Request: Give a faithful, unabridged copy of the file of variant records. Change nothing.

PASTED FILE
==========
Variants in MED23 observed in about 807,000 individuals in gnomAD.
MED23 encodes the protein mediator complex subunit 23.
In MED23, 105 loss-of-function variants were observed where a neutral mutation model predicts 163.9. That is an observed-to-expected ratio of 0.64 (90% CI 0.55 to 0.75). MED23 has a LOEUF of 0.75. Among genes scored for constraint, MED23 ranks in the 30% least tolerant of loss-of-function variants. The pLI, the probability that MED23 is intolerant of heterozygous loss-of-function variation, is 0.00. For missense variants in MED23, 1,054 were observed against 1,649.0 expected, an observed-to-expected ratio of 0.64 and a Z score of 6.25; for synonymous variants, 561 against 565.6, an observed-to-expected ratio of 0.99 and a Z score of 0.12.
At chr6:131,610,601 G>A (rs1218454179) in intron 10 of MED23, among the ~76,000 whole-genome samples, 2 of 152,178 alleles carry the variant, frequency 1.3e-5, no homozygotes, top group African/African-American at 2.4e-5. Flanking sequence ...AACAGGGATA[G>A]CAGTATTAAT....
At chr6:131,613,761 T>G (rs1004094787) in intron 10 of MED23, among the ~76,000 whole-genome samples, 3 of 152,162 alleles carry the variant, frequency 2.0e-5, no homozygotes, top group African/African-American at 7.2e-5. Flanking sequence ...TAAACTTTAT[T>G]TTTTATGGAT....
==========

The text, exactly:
Variants in MED23 observed in about 807,000 individuals in gnomAD.
MED23 encodes the protein mediator complex subunit 23.
In MED23, 105 loss-of-function variants were observed where a neutral mutation model predicts 163.9. That is an observed-to-expected ratio of 0.64 (90% CI 0.55 to 0.75). MED23 has a LOEUF of 0.75. Among genes scored for constraint, MED23 ranks in the 30% least tolerant of loss-of-function variants. The pLI, the probability that MED23 is intolerant of heterozygous loss-of-function variation, is 0.00. For missense variants in MED23, 1,054 were observed against 1,649.0 expected, an observed-to-expected ratio of 0.64 and a Z score of 6.25; for synonymous variants, 561 against 565.6, an observed-to-expected ratio of 0.99 and a Z score of 0.12.
At chr6:131,610,601 G>A (rs1218454179) in intron 10 of MED23, among the ~76,000 whole-genome samples, 2 of 152,178 alleles carry the variant, frequency 1.3e-5, no homozygotes, top group African/African-American at 2.4e-5. Flanking sequence ...AACAGGGATA[G>A]CAGTATTAAT....
At chr6:131,613,761 T>G (rs1004094787) in intron 10 of MED23, among the ~76,000 whole-genome samples, 3 of 152,162 alleles carry the variant, frequency 2.0e-5, no homozygotes, top group African/African-American at 7.2e-5. Flanking sequence ...TAAACTTTAT[T>G]TTTTATGGAT....